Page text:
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    $\begingroup$ @YvesDaoust: I prefer that a straight line is its own tangent. I think it makes sense that way. $\endgroup$ – String Oct 26 '15 at 20:10

Although this isn't the most satisfying definition for a first encounter with the idea of a 'tangent line', you could escape all problems by defining a tangent line as the best linear approximaton to a function $f$ near a point $P$. More formally, a line $L=L(x)$ through $P\big(a,f(a)\big)$ is a tangent line to the graph of $f$ at $P$ given that for any other line $K=K(x)$ through $P$, there exists a $\delta\gt0$ such that for all $x$: $$|x-a|\lt\delta \implies \big|f(x)-L(x)\big|\leqslant\big|f(x)-K(x)\big|.$$ See the paper What a Tangent Line is When it isn't a Limit, by Irl C. Bivens.

  • $\begingroup$ That is an interesting paper, it seems. This whole question actually plays into another point I considered when writing my thesis about the Leibnizian Calculus, namely that higher order derivatives received more critique than first order. My suggestion was that these lacked the more immediate intuitive geometrical interpreations like tangents as infinitesimal secants. I suggested that circles of curvature could possibly provide that for second order derivatives. But already tangents are not that straight forward after all, it appears. $\endgroup$ – String Oct 29 '15 at 7:35

Building on Luis Felipe's idea, define the tangent at point $P$ of a curve as the limit of the line $PQ$ as $Q$ tends to $P$, where $Q$ is also a point on the curve. This also provides a natural introduction to the formal definition of derivatives.

  • $\begingroup$ Sounds good to start talking about limits. $\endgroup$ – Luis Felipe Oct 24 '15 at 13:23

Imagine a car driving along the curve, and at the point of interest, the car hits an oil slick and shoots off in the straight line of its travel as it hits the point. The line of the car gives the tangent line at the point (provided the curve is differentiable at the point). You can look at cars sliding off coming from both directions to see the tangent line in both directions.


when I was taught calculus at school it was shown as a tool to calculate the gradient of a tangent line and so this becomes a circular argument.

I think that is a red herring. The fact that the derivative was introduced as a tool to calculate the gradient of a tangent line does not mean that the idea of a tangent line necessarily has anything to do with the definition of the derivative. I'm sure you learned at some point in that PhD (well, in the undergraduate part) that it is, in fact, possible to give a formal definition of a derivative that has nothing to do with tangents, lines, or curves at all. So it's not a circular argument. The tangent was used as motivation for the derivative, but once the concept is introduced, you can dispense with the original motivation.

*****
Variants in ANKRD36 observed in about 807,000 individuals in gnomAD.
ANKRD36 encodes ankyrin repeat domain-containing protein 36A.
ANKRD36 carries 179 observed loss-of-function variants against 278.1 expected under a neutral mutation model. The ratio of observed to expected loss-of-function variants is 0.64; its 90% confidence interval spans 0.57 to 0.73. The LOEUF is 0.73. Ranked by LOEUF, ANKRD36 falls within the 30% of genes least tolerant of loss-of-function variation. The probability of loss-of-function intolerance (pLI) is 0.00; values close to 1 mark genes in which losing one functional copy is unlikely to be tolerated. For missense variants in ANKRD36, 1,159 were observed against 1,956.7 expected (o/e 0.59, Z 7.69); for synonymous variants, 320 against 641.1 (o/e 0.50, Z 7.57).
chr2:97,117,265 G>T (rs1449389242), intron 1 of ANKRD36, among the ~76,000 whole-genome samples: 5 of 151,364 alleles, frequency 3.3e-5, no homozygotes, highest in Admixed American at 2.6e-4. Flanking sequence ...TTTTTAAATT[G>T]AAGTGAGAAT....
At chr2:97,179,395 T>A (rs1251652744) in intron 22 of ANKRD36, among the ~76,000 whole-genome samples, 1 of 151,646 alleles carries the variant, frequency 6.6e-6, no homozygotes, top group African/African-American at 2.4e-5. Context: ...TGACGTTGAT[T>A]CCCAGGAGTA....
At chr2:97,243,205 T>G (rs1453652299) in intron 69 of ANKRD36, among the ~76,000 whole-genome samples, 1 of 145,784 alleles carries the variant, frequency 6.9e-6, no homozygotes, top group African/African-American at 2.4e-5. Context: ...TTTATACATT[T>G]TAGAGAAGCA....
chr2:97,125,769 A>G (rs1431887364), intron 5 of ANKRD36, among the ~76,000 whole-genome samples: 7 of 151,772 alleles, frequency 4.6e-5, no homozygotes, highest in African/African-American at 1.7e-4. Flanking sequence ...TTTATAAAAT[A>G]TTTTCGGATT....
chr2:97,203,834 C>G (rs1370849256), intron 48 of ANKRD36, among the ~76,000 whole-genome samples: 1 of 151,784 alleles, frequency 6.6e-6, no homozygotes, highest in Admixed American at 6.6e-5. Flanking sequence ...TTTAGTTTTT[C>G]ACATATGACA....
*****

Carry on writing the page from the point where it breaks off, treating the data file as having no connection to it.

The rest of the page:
You might easily imagine a student in a different class who first learned of derivatives as a way to calculate speed, not gradients.

  • $\begingroup$ Yes I agree. After reading all the answers here I think the tangent is still a good idea for introducing the concept to a pre-calculus level student - I just need to modify how I am explaining what the tangent line actually is. It is difficult to just throw the for formal limit definition of the derivative at a point to a pre-calculus student without explaining why it is useful. I might actually post this on maths education too to try and see how A-Level teachers introduce the concept of differentiation in schools today (rather than 20 years ago when I learned). $\endgroup$ – mathematician1975 Oct 25 '15 at 8:22

If you have a curve and a point $P$ in it, we can take a secant $L_{PQ}$ which is a line passing by $P$ and $Q$.

So $d(P,Q)\geq0$. if the curve is bounded, then exists some $C>0$ such for every $P$ in the curve, and for every real $C>\varepsilon>0$ there exists some $Q$ such secant $L_{PQ}$ has $d(P,Q)=\varepsilon$. So, we define $L_\intercal (P)$ as the tangent at the point $ P$ with $\varepsilon=0$.

note that I'm using elemental concepts which can be clear for high school. The constant $C$ is because if you have a circle, you can't find a secant in $P$ with $d(P,Q)>2r$ where $r$ is the radius of the circle.

  • $\begingroup$ Yes secant limiting will be the way I introduce this in future. Thankyou for your answer. $\endgroup$ – mathematician1975 Oct 24 '15 at 13:26